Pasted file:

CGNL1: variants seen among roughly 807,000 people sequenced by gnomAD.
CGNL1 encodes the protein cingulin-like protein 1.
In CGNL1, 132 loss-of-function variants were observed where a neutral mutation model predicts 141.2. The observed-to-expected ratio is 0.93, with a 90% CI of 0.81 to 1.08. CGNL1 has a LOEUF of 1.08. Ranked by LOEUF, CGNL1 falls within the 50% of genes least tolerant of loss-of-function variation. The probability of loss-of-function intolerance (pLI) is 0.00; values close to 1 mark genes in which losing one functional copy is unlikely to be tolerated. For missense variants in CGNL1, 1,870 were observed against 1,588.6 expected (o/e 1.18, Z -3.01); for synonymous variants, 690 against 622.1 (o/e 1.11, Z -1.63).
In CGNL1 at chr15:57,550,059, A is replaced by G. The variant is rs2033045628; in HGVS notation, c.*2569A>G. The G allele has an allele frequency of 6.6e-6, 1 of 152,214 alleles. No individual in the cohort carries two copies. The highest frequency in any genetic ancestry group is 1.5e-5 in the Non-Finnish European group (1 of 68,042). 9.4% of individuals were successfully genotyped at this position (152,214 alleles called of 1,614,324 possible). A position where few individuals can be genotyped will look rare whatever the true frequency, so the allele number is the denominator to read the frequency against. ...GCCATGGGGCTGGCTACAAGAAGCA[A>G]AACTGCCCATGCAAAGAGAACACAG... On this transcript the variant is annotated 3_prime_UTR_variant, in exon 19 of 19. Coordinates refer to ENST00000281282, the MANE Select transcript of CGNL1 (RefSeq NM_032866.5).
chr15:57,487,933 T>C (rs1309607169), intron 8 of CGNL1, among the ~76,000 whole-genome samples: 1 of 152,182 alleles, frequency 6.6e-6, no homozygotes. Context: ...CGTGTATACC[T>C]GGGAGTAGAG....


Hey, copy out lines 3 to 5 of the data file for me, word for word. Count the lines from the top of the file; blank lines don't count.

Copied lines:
In CGNL1, 132 loss-of-function variants were observed where a neutral mutation model predicts 141.2. The observed-to-expected ratio is 0.93, with a 90% CI of 0.81 to 1.08. CGNL1 has a LOEUF of 1.08. Ranked by LOEUF, CGNL1 falls within the 50% of genes least tolerant of loss-of-function variation. The probability of loss-of-function intolerance (pLI) is 0.00; values close to 1 mark genes in which losing one functional copy is unlikely to be tolerated. For missense variants in CGNL1, 1,870 were observed against 1,588.6 expected (o/e 1.18, Z -3.01); for synonymous variants, 690 against 622.1 (o/e 1.11, Z -1.63).
In CGNL1 at chr15:57,550,059, A is replaced by G. The variant is rs2033045628; in HGVS notation, c.*2569A>G. The G allele has an allele frequency of 6.6e-6, 1 of 152,214 alleles. No individual in the cohort carries two copies. The highest frequency in any genetic ancestry group is 1.5e-5 in the Non-Finnish European group (1 of 68,042). 9.4% of individuals were successfully genotyped at this position (152,214 alleles called of 1,614,324 possible). A position where few individuals can be genotyped will look rare whatever the true frequency, so the allele number is the denominator to read the frequency against. ...GCCATGGGGCTGGCTACAAGAAGCA[A>G]AACTGCCCATGCAAAGAGAACACAG... On this transcript the variant is annotated 3_prime_UTR_variant, in exon 19 of 19. Coordinates refer to ENST00000281282, the MANE Select transcript of CGNL1 (RefSeq NM_032866.5).
chr15:57,487,933 T>C (rs1309607169), intron 8 of CGNL1, among the ~76,000 whole-genome samples: 1 of 152,182 alleles, frequency 6.6e-6, no homozygotes. Context: ...CGTGTATACC[T>C]GGGAGTAGAG....